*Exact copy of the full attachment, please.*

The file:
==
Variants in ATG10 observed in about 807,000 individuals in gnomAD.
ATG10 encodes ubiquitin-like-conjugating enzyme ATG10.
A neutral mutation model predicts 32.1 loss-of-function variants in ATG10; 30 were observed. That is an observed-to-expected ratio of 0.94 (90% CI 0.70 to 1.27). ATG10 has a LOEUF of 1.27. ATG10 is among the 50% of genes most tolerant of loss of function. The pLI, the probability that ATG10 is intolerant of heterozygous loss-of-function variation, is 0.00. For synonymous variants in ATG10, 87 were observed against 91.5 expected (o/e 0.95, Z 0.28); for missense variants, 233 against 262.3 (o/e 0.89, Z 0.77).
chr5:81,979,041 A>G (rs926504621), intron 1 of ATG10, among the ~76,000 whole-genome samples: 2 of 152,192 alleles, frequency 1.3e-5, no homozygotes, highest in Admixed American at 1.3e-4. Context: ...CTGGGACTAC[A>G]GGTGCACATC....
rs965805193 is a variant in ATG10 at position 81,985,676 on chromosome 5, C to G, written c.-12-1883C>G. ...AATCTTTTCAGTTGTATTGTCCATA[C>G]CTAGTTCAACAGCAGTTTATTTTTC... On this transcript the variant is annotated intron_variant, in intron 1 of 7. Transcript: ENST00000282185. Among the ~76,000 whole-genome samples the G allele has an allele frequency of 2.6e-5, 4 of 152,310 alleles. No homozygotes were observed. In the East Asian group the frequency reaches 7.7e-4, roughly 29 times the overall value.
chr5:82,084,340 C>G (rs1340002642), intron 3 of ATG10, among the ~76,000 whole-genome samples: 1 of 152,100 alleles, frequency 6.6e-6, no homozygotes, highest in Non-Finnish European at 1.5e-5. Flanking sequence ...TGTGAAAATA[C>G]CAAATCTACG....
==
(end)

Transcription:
Variants in ATG10 observed in about 807,000 individuals in gnomAD.
ATG10 encodes ubiquitin-like-conjugating enzyme ATG10.
A neutral mutation model predicts 32.1 loss-of-function variants in ATG10; 30 were observed. That is an observed-to-expected ratio of 0.94 (90% CI 0.70 to 1.27). ATG10 has a LOEUF of 1.27. ATG10 is among the 50% of genes most tolerant of loss of function. The pLI, the probability that ATG10 is intolerant of heterozygous loss-of-function variation, is 0.00. For synonymous variants in ATG10, 87 were observed against 91.5 expected (o/e 0.95, Z 0.28); for missense variants, 233 against 262.3 (o/e 0.89, Z 0.77).
chr5:81,979,041 A>G (rs926504621), intron 1 of ATG10, among the ~76,000 whole-genome samples: 2 of 152,192 alleles, frequency 1.3e-5, no homozygotes, highest in Admixed American at 1.3e-4. Context: ...CTGGGACTAC[A>G]GGTGCACATC....
rs965805193 is a variant in ATG10 at position 81,985,676 on chromosome 5, C to G, written c.-12-1883C>G. ...AATCTTTTCAGTTGTATTGTCCATA[C>G]CTAGTTCAACAGCAGTTTATTTTTC... On this transcript the variant is annotated intron_variant, in intron 1 of 7. Transcript: ENST00000282185. Among the ~76,000 whole-genome samples the G allele has an allele frequency of 2.6e-5, 4 of 152,310 alleles. No homozygotes were observed. In the East Asian group the frequency reaches 7.7e-4, roughly 29 times the overall value.
chr5:82,084,340 C>G (rs1340002642), intron 3 of ATG10, among the ~76,000 whole-genome samples: 1 of 152,100 alleles, frequency 6.6e-6, no homozygotes, highest in Non-Finnish European at 1.5e-5. Flanking sequence ...TGTGAAAATA[C>G]CAAATCTACG....